15. IN DRIFT CORROSION PRODUCTS

    Energy Technology Data Exchange (ETDEWEB)

    D.M. Jolley

    1999-12-02

    As directed by a written development plan (CRWMS M&O 1999a), a conceptual model for steel and corrosion products in the engineered barrier system (EBS) is to be developed. The purpose of this conceptual model is to assist Performance Assessment Operations (PAO) and its Engineered Barrier Performance Department in modeling the geochemical environment within a repository drift, thus allowing PAO to provide a more detailed and complete in-drift geochemical model abstraction and to answer the key technical issues (KTI) raised in the NRC Issue Resolution Status Report (IRSR) for the Evolution of the Near-Field Environment (NFE) Revision 2 (NRC 1999). This document provides the conceptual framework for the in-drift corrosion products sub-model to be used in subsequent PAO analyses including the EBS physical and chemical model abstraction effort. This model has been developed to serve as a basis for the in-drift geochemical analyses performed by PAO. However, the concepts discussed within this report may also apply to some near and far-field geochemical processes and may have conceptual application within the unsaturated zone (UZ) and saturated zone (SZ) transport modeling efforts.

  16. Discovery of innovative therapies for rare immune-mediated inflammatory diseases via off-label prescription of biologics: the case of IL-6 receptor blockade in Castleman’s disease

    Directory of Open Access Journals (Sweden)

    Anne eMusters

    2015-12-01

    Full Text Available Biologics have revolutionized the field of clinical immunology and proven to be both effective and safe in common immune-mediated inflammatory diseases (IMIDs such as rheumatoid arthritis, inflammatory bowel diseases, and various haematological disorders. However, in patients with rare, severe IMIDs failing on standard therapies it is virtually impossible to conduct randomized controlled trials. Therefore, biologics are usually prescribed off-label in these often severely ill patients. Unfortunately, off-label prescription is sometimes hampered in these diseases due to a lack of reimbursement that is often based on a presumed lack of evidence for effectiveness. In the present article will discuss that off-label prescription of biologics can be a good way to discover new treatments for rare diseases. This will be ilustrated using a case of multicentric Castleman’s disease, an immune-mediated lymphoproliferative disorder, in which off-label tocilizumab (humanized anti-IL-6 receptor blocking antibody treatment resulted in remarkable clinical improvement. Furthermore, we will give recommendations for monitoring efficacy and safety of biologic treatment in rare IMIDs, including the use of registries. In conclusion, we put forward that innovative treatments for rare IMIDs can be discovered via off-label prescription of biologicals, provided that this is based on rational arguments including knowledge of the pathophysiology of the disease.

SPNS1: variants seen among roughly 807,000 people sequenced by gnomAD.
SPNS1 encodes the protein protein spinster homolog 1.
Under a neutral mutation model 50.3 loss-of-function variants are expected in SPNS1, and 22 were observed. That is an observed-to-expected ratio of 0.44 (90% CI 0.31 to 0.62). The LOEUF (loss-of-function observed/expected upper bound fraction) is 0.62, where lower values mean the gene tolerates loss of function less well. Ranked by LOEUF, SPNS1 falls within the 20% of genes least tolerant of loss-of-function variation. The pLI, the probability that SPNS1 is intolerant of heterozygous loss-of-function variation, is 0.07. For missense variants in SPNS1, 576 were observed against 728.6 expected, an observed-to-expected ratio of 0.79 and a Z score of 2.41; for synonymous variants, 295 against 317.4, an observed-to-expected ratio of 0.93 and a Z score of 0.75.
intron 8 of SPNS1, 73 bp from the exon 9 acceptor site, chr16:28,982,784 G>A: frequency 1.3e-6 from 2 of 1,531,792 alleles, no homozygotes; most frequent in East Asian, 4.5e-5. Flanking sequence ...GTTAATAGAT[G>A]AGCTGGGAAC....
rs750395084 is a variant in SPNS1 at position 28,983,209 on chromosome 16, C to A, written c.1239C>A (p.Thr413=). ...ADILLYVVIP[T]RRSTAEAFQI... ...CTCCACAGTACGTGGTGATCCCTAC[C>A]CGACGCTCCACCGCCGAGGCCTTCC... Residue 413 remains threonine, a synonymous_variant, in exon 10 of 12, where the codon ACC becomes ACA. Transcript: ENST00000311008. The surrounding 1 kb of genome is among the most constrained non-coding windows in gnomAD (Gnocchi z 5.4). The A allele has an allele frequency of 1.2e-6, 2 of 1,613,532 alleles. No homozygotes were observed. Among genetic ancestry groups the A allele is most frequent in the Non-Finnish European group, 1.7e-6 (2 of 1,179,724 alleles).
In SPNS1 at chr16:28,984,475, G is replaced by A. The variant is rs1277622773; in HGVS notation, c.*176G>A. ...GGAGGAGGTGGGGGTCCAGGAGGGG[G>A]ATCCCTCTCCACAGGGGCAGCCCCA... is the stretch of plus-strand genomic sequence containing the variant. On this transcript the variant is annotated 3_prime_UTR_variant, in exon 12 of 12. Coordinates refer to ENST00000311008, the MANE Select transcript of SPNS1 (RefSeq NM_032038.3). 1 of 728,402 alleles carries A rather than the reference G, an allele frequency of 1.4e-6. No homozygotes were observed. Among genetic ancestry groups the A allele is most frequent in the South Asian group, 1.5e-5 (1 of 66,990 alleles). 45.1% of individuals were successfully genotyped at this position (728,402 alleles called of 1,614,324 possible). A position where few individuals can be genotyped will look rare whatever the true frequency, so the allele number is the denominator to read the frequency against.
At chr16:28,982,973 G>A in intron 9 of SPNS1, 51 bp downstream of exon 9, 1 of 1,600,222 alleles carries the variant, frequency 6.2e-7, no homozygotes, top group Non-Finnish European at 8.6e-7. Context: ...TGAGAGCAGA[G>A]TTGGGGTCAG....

17. Improvement of PWR reliability by corrosion prevention

    International Nuclear Information System (INIS)

    Takamatsu, Hiroshi

    1999-01-01

    Since first PWR in Japan started commercial operation in 1970, we have encountered the various modes of corrosion on primary and secondary side components. We have paid much efforts for resolving these corrosion problems, that is, investigating the causes of corrosion and establishing the countermeasures for these corrosion. We summarize these efforts in this article. (author)

  18. Corrosion detection of nanowires by magnetic sensors

    KAUST Repository

    Kosel, Jürgen

    2017-10-05

    Disclosed are various embodiments related to a corrosion detection device for detecting corrosive environments. A corrosion detection device comprises a magnetic sensor and at least one magnetic nanowire disposed on the magnetic sensor. The magnetic sensor is configured to detect corrosion of the one or more magnetic nanowires based at least in part on a magnetic field of the one or more magnetic nanowires.

  19. Recognition and Analysis of Corrosion Failure Mechanisms